Nikos Voskarides, Edgar Meij, Ridho Reinanda, Abhinav Khaitan, Miles Osborne, Giorgio Stefanoni, Kambadur Prabhanjan and Maarten de Rijke: Weakly-supervised Contextualization of Knowledge Graph Facts. 2018. In Proceedings of the 41st International ACM SIGIR conference on Research and Development in Information Retrieval (SIGIR ’18).
Knowledge graphs (KGs) model facts about the world; they consist of nodes (entities such as companies and people) that are connected by edges (relations such as founderOf). Facts encoded in KGs are frequently used by search applications to augment result pages. When presenting a KG fact to an end user, providing other facts that are pertinent to that main fact can enrich the user experience and support exploratory information needs. KG fact contextualization is the task of augmenting a given KG fact with additional and useful KG facts. The task is challenging because of the large size of KGs; discovering other relevant facts even in a small neighborhood of the given fact results in an enormous amount of candidates.
We introduce a neural fact contextualization method (NFCM) to address the KG fact contextualization task. NFCM first generates a set of candidate facts in the neighborhood of a given fact and then ranks the candidate facts using a supervised learning to rank model. The ranking model combines features that we automatically learn from data and that represent the query-candidate facts with a set of hand-crafted features we devised or adjusted for this task.
In order to obtain the annotations required to train the learning to rank model at scale, we generate training data automatically using distant supervision on a large entity-tagged text corpus. We show that ranking functions learned on this data are effective at contextualizing KG facts. Evaluation using human assessors shows that it significantly outperforms several baselines. For this evaluation, we used crowdsourcing to develop a human-curated evaluation set which can be found here. This page provides more details on the process we used.
The procedure we use to construct this evaluation dataset is as follows. First, for each of the 65 relationships we consider, we sample five query facts of the relationship. Since fact enumeration for a query fact can yield hundreds or thousands of facts it is infeasible to consider all the candidate facts for manual annotation. Therefore, we only include a candidate fact in the set of facts to be annotated if:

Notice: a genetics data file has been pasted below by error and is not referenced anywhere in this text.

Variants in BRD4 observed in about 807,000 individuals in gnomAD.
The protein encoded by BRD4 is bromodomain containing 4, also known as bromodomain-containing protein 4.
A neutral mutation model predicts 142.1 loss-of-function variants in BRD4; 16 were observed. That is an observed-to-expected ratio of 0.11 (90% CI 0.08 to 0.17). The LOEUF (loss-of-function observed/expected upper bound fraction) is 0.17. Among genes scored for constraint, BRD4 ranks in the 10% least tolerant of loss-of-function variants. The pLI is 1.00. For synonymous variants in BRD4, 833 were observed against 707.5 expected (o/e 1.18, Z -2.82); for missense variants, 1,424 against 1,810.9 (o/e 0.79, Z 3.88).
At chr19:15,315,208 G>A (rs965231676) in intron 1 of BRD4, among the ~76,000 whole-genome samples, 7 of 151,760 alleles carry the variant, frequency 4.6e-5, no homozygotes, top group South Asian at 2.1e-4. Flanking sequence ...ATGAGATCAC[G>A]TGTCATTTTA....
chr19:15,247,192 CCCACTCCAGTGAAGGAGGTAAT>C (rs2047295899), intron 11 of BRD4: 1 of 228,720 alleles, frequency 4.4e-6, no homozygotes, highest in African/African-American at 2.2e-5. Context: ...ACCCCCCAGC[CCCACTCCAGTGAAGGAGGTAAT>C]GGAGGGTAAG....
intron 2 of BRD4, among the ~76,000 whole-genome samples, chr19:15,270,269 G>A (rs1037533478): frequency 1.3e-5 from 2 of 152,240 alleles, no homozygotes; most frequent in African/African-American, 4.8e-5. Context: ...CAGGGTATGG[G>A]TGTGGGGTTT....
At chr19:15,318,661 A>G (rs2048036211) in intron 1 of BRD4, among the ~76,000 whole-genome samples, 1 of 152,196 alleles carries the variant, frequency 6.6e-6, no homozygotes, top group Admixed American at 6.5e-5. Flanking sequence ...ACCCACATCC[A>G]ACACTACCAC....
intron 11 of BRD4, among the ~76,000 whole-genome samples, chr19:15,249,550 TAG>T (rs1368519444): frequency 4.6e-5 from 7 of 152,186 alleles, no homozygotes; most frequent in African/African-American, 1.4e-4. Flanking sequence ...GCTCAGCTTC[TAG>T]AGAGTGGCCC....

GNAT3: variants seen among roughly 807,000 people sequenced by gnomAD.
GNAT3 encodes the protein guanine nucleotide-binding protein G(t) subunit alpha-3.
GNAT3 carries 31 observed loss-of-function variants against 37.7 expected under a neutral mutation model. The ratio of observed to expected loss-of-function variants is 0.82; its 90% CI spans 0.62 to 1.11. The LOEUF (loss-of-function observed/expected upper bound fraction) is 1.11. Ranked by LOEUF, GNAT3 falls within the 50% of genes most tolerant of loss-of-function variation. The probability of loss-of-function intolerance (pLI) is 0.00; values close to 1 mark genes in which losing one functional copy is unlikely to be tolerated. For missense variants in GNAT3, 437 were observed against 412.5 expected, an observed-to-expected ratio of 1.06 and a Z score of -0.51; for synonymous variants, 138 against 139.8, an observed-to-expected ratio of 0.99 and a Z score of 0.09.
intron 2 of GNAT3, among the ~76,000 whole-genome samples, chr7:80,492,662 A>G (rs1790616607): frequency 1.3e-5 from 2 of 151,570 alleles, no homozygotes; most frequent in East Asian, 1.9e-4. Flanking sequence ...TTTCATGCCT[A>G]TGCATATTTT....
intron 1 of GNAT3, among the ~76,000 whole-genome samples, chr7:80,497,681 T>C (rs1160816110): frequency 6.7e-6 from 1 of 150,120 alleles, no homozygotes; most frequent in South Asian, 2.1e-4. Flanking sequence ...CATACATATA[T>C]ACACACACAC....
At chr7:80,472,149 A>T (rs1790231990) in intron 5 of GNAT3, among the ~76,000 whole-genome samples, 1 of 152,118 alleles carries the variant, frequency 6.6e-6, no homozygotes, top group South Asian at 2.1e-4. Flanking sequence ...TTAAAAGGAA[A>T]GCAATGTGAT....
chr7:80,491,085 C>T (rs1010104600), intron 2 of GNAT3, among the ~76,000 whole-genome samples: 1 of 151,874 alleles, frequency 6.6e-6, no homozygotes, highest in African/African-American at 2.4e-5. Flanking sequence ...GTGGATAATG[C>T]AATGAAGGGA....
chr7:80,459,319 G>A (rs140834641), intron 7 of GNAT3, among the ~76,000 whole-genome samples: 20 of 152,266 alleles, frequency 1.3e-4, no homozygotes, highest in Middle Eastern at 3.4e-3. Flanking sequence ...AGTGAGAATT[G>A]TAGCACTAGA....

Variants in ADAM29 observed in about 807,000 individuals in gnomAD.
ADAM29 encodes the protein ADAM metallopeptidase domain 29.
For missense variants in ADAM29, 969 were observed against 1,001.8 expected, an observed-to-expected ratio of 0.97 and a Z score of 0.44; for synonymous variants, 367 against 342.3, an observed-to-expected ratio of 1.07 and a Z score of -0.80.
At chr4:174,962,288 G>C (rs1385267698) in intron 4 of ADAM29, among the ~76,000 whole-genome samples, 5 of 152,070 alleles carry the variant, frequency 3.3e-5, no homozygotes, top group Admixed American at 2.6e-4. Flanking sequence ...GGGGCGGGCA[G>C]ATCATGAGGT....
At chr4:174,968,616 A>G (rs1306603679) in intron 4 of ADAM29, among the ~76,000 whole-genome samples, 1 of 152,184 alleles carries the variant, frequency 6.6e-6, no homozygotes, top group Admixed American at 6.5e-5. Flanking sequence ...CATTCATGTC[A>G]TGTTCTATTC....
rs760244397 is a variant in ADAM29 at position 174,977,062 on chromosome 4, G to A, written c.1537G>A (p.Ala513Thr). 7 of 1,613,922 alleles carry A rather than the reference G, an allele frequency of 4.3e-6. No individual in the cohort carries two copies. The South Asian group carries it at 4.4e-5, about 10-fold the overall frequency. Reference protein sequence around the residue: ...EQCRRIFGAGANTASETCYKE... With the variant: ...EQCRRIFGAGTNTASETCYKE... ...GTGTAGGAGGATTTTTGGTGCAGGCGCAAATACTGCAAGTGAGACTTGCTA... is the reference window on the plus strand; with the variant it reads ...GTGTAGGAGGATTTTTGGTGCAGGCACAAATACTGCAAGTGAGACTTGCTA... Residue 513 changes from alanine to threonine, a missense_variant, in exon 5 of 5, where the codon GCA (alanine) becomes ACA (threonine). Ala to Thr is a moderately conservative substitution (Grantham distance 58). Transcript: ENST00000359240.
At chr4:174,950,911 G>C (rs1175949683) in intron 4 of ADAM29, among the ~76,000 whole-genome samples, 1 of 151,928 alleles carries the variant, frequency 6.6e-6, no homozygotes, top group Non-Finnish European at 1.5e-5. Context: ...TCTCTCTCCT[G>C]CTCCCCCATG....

- the candidate fact was deemed relevant by the automatic data gathering procedure (as detailed in the paper) or
- the candidate fact matches a fact pattern that is built using relevant facts that appear in at least 10% of the query facts of a certain relationship. An example fact pattern is parentOf<?, ?>, which would match the fact parentOf<Bill Gates, Jennifer Gates>.
We use the CrowdFlower platform and ask the annotators to judge a candidate fact with respect to its relevance to a query fact. We provide the annotators with the following scenario:
We are given a specific real-world fact, e.g., “Bill Gates is the founder of Microsoft,” which we call the query fact. We are interested in writing a description of the query fact (a sentence or a small paragraph). The purpose of this assessment task is to identify other facts that could be included in a description of the query fact. Note that even though all facts presented for assessment will be accurate, not all will be relevant or equally important to the description of the main fact.
We ask the annotators to assess the relevance of a candidate fact on a 3-graded scale.
- Very relevant – I would include the candidate fact in the description of the query fact; the candidate fact provides additional context to the query fact.
- Somewhat relevant – I would include the candidate fact in the description of the query fact, but only if there is space.
- Irrelevant – I would not include the candidate fact in the description of the query fact.
Alongside each query-candidate fact pair, we provide a set of extra facts that could possibly be used to decide on the relevance of a candidate fact. These include facts that connect the entities in the query fact with the entities in the candidate fact. For example, if we present the annotators with the query fact spouseOf<Bill Gates, Melinda Gates> and the candidate fact parentOf<Melinda Gates, Jennifer Gates> we also show the fact parentOf<Bill Gates, Jennifer Gates>. Each query-candidate fact pair is annotated by three annotators. We use majority voting to obtain the gold labels, breaking ties arbitrarily. By following this crowdsourcing procedure, we obtain 28,281 fact judgments for 2,275 query facts (65 relations, 5 query facts each).